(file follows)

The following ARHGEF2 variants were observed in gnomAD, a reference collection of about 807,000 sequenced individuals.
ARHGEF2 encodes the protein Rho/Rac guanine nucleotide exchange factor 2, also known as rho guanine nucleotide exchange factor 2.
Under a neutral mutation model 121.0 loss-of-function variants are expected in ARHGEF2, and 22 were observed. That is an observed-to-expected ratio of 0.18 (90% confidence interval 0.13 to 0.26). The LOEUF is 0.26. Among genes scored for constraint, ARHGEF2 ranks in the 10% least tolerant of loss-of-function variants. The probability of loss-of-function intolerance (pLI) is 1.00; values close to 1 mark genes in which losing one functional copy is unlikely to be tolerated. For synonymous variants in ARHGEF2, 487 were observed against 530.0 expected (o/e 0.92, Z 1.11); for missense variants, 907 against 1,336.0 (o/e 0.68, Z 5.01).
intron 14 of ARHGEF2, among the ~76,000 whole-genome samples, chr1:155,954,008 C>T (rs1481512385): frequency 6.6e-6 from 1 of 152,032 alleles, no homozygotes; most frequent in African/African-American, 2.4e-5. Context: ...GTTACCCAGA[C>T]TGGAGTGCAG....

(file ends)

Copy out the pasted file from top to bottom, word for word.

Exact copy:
The following ARHGEF2 variants were observed in gnomAD, a reference collection of about 807,000 sequenced individuals.
ARHGEF2 encodes the protein Rho/Rac guanine nucleotide exchange factor 2, also known as rho guanine nucleotide exchange factor 2.
Under a neutral mutation model 121.0 loss-of-function variants are expected in ARHGEF2, and 22 were observed. That is an observed-to-expected ratio of 0.18 (90% confidence interval 0.13 to 0.26). The LOEUF is 0.26. Among genes scored for constraint, ARHGEF2 ranks in the 10% least tolerant of loss-of-function variants. The probability of loss-of-function intolerance (pLI) is 1.00; values close to 1 mark genes in which losing one functional copy is unlikely to be tolerated. For synonymous variants in ARHGEF2, 487 were observed against 530.0 expected (o/e 0.92, Z 1.11); for missense variants, 907 against 1,336.0 (o/e 0.68, Z 5.01).
intron 14 of ARHGEF2, among the ~76,000 whole-genome samples, chr1:155,954,008 C>T (rs1481512385): frequency 6.6e-6 from 1 of 152,032 alleles, no homozygotes; most frequent in African/African-American, 2.4e-5. Context: ...GTTACCCAGA[C>T]TGGAGTGCAG....